Associated Press

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Viet Anh Vo is a U.S. citizen who's lived in Louisiana since he was an infant, but he says in court papers he's unable to get a marriage license under a 2015 state law that, he argues, discriminates against the foreign-born.

 

A federal judge in New Orleans will hear the case Wednesday.

 

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Louisiana's Department of Wildlife and Fisheries is offering seven free boating education courses around the state this week.

 

The effort is part of a national Spring Aboard-Take a Boating Education Course campaign.

 

Boating education courses are mandatory for anyone in Louisiana born after Jan. 1, 1984, who operates a motorboat over 10 horsepower. The wildlife and fisheries department says its safe boating education program, started in 2003, has certified more than 99,000 boaters.

 

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 A sheriff's deputy in Louisiana is dead after being shot near a movie theater in Baton Rouge while on duty.

 

Local news outlets report that the East Baton Rouge Sheriff's Office deputy was rushed to the hospital after being shot late Saturday. Reports say he and another deputy were conducting an investigation when the shooting occurred.

 

A suspect was shot and injured and taken to a hospital.

 

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Louisiana's seat belt usage is at a record rate.

 

According to a new study commissioned by the Louisiana Highway Safety Commission, Gov. John Bel Edwards said Thursday that the usage rate for drivers and front-seat passengers is at an all-time high of 87.8 percent. That's nearly a 2 percentage point increase over the previous year.

 

LHSC Executive Director Dr. Katara Williams is celebrating the record, but says the state will relentlessly pursue the ultimate goal of 100 percent usage.

 

Louisiana's debate over how to rework its criminal justice system is heading to state lawmakers.

 

A study group Thursday approved its package of recommendations for a sweeping rewrite of Louisiana's criminal sentencing laws and its approach to prisoner rehabilitation.

 

The effort aims to lessen Louisiana's highest-in-the-nation incarceration rate and provide more training and treatment to reduce inmates' chances of returning to prison after release.

 

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A law enforcement officer charged with murder in a 6-year-old boy's fatal shooting is heading to trial.

 

Jury selection is scheduled to begin Monday for Derrick Stafford's trial in Marksville, the central Louisiana town where he and another deputy city marshal fired at a car during a November 2015 traffic stop.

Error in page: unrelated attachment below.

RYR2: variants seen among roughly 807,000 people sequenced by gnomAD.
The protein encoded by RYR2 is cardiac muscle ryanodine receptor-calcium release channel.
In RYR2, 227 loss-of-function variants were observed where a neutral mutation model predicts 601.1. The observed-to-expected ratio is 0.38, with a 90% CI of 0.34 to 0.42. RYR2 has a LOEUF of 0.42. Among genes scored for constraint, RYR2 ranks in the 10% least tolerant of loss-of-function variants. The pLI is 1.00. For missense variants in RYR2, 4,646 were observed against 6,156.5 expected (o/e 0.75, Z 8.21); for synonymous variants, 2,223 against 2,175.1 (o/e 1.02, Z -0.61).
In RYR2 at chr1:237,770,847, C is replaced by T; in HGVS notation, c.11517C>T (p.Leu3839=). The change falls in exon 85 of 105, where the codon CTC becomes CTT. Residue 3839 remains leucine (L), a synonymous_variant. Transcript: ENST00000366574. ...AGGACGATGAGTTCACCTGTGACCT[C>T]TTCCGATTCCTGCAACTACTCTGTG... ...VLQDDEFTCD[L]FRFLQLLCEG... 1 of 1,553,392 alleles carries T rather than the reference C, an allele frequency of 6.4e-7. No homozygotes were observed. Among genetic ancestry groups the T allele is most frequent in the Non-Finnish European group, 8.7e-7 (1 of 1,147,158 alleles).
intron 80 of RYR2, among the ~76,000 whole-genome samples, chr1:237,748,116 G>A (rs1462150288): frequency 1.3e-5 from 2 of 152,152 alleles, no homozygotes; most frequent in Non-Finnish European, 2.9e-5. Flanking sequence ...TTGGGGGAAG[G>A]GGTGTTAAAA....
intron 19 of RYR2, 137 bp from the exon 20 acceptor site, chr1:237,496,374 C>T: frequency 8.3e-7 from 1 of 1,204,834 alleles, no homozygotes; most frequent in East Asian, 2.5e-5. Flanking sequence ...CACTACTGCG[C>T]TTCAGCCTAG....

The shooting killed first-grader Jeremy Mardis and critically wounded his father, Christopher Few. Video from a police officer's body camera showed Few had his hands raised inside his car while the deputies fired.

 

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U.S. Attorney Kenneth Polite (puh-LEET) says a former head of the Ponchatoula Housing Authority has admitted spending $27,000 in federal money on herself.

 

Polite's news release says 46-year-old Wanda Wells Cornish of Ponchatoula pleaded guilty Tuesday to theft of government funds.

 

He says she could get up to 10 years in prison and a $250,000 fine. Sentencing is scheduled June 29.

 

An enforcement agent for the Louisiana Department of Wildlife and Fisheries who was shot in a January traffic stop is back home in Ouachita Parish, but multiple surgeries from returning to work. 

Tyler Wheeler is awaiting surgeries to reattach a portion of his skull and to repair jaw damage. He says until the skull surgery, someone must monitor him around the clock and he can't do most physical activities.

Louisiana's public school districts charge fees for everything from uniforms and school supplies to lockers and parking.

 

A new report prepared for the Board of Elementary and Secondary Education urges districts to use "extreme caution" in enacting such fees in a state where many students come from low-income households.

 

The News-Star says the report is included in documents posted for the education board's upcoming meetings, scheduled for Tuesday and Wednesday.

 

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Letters have gone out to inform nearly 125,000 New Orleans-area residents and businesses that checks will be mailed soon in a 2009 settlement over flood damage from hurricanes Katrina and Rita in 2005.

 

The money won't be major in most cases: Joseph Bruno, an attorney representing plaintiffs in the suit told Nola.comThe Times-Picayune that payments will range from $2.50 to $3,700.

 

The $20 million settlement came in a lawsuit involving the East Jefferson, Orleans and Lake Borgne Basin levee districts.

 

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